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Alabama Hostage Rescue: Using the Military at Home? | The Nation

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Robert Dreyfuss

Bob Dreyfuss

News of America’s misadventures in foreign policy and defense.

Alabama Hostage Rescue: Using the Military at Home?


Secretary of Defense Leon Panetta gave the approval for active duty soldiers to conduct law enforcement. (AP Photo/Susan Walsh.)

The Pentagon yesterday opened the door a little further to direct military involvement in US domestic affairs.

According to CNN, the military was involved in helping to rescue an Alabama boy kidnapped by a lunatic.

Said CNN:

Defense Secretary Leon Panetta approved a request from the FBI for high-tech military detection equipment to assist in surveillance on the underground bunker in Alabama where a 5-year-old boy was held hostage, CNN has learned.… The military detection equipment was delivered on site, according to a military official, but it could not immediately be determined if the equipment was used before or during the rescue. Three Defense Department officials tell CNN that the equipment requested was similar to the technology used in war zones to detect buried explosives. Some small number of troops would have been needed to operate the equipment on-site.

So, what happened was: actual active-duty troops conducted law enforcement activities.

This is not the first time. Ever since the ominous creation of the Northern Command, a Colorado-based US military command whose mission is the United States, the Pentagon has inched ever closer to direct involvement in domestic affairs. During various crises, I learned during a visit to Northcom a few years ago, the command sends contingents of troops to events such as the Super Bowl or political conventions. And a while back, I wrote a piece for Rolling Stone on the Pentagon’s domestic spying program under George W. Bush.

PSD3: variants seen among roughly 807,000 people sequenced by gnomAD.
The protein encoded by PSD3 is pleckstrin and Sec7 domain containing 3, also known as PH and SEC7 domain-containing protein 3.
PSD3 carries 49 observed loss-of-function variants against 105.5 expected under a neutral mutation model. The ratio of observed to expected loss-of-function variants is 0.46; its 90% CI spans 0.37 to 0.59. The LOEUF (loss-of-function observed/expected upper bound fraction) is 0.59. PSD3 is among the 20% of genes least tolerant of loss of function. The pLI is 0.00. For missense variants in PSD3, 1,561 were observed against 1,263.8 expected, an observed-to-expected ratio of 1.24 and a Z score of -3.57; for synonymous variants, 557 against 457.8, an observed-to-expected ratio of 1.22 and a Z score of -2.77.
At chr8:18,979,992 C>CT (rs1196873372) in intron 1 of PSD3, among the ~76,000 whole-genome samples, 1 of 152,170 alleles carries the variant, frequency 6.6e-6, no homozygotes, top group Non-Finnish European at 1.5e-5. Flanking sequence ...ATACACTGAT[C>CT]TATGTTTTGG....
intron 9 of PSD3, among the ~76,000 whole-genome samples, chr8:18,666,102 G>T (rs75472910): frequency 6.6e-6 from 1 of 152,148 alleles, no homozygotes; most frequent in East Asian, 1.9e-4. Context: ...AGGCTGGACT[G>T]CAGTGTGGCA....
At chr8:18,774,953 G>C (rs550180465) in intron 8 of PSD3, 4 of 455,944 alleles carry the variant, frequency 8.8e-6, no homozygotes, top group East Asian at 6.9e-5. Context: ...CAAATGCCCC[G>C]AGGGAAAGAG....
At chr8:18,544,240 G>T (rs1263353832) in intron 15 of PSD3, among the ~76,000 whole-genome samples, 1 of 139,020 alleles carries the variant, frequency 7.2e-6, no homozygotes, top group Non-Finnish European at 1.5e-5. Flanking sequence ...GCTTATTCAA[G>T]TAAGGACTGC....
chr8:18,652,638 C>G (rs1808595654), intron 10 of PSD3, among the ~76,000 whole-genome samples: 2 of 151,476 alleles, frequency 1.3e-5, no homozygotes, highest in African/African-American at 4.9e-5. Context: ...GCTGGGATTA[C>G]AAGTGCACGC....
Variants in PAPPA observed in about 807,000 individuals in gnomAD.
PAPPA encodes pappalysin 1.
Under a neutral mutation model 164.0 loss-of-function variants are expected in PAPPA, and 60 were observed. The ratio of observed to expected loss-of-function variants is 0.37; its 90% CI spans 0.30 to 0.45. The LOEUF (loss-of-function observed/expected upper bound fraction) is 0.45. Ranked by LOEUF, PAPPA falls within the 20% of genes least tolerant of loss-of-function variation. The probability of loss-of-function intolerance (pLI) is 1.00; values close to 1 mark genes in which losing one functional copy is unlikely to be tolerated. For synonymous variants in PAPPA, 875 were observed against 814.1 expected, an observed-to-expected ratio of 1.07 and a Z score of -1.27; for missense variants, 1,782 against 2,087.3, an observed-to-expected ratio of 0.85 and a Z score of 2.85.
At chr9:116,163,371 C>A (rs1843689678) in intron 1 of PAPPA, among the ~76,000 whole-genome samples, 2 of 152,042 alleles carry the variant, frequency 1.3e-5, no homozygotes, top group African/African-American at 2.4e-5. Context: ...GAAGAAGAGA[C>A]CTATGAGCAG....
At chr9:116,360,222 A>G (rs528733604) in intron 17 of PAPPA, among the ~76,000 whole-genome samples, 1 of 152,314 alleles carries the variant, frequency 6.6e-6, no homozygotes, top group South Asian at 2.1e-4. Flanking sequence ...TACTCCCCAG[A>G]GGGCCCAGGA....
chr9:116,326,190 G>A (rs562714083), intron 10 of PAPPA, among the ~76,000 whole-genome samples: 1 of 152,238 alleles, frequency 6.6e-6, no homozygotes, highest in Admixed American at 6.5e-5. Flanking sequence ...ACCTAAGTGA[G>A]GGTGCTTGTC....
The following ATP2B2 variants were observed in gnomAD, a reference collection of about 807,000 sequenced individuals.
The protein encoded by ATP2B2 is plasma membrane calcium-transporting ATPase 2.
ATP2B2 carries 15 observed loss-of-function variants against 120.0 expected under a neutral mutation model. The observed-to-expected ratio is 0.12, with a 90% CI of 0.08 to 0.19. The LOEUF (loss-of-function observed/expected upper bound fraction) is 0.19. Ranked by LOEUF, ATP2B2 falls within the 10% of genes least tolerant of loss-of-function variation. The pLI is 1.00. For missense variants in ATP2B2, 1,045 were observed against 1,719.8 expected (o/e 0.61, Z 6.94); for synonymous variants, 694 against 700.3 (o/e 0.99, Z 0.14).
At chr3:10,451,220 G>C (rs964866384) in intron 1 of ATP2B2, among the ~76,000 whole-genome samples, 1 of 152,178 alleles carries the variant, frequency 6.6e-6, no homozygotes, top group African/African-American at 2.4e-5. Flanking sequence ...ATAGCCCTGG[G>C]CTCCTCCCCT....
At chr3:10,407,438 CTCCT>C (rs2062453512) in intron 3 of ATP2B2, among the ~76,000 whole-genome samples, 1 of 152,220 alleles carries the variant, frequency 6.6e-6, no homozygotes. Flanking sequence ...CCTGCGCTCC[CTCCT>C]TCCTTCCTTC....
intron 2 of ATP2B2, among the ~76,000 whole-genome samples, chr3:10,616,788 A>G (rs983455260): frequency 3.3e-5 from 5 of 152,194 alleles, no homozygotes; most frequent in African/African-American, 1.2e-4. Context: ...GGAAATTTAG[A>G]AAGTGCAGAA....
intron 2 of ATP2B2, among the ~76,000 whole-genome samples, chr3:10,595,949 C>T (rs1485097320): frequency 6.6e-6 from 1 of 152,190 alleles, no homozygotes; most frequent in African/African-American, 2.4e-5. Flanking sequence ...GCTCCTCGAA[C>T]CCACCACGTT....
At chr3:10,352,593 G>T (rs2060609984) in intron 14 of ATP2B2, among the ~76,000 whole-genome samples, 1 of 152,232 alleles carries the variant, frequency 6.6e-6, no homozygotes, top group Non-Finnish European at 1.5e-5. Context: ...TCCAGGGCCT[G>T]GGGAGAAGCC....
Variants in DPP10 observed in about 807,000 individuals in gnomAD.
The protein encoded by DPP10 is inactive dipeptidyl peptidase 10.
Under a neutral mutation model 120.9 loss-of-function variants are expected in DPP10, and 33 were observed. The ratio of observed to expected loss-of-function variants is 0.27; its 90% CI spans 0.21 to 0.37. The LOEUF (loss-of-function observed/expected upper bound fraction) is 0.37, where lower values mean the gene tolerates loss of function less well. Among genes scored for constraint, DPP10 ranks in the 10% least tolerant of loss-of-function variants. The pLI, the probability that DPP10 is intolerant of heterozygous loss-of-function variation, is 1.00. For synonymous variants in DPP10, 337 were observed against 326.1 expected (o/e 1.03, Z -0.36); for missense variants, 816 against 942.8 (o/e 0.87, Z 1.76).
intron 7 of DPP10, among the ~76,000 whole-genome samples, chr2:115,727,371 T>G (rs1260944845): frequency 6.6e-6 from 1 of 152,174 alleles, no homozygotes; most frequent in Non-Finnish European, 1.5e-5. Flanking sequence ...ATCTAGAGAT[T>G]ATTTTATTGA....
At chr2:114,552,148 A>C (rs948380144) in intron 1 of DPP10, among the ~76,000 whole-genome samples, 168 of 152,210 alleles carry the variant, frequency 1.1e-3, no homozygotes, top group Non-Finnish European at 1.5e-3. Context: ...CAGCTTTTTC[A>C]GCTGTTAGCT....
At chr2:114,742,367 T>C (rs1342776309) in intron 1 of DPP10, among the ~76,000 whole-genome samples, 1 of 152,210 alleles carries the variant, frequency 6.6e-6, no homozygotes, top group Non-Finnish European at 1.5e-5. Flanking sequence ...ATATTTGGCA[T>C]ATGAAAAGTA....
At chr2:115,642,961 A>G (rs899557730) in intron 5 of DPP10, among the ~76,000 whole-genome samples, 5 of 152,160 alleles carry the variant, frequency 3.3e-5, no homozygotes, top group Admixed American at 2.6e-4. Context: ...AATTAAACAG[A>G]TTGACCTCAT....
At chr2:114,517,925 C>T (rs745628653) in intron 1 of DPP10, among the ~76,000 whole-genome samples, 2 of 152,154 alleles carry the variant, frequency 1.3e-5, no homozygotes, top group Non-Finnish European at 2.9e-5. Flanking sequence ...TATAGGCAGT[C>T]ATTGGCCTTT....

The Alabama operation was “personally approved” by Leon Panetta, the secretary of defense, according to CNN.

What’s the difference between a hostage-taking by a crazy person and, say, a terrorist event such as the seizure of a shopping mall by supporters of Al Qaeda or some action by a right-wing militia? None, as far as I can see—except that the military would probably get far more deeply involved in an anti-terrorist action. But terrorism is a crime, not an act of war.

Lots of people, including the Cato Institute, have written about the militarization of the police. The CIA is deeply enmeshed with the New York City police department. Military-style drones are being used nationwide for surveillance and intelligence gathering.

This isn’t just a worry for tinfoil-hat-wearing right-wingers and NRA extremists who want to arm themselves with automatic weapons to fight government tyranny. This is a real threat that ought to worry everyone, especially civil libertarians.

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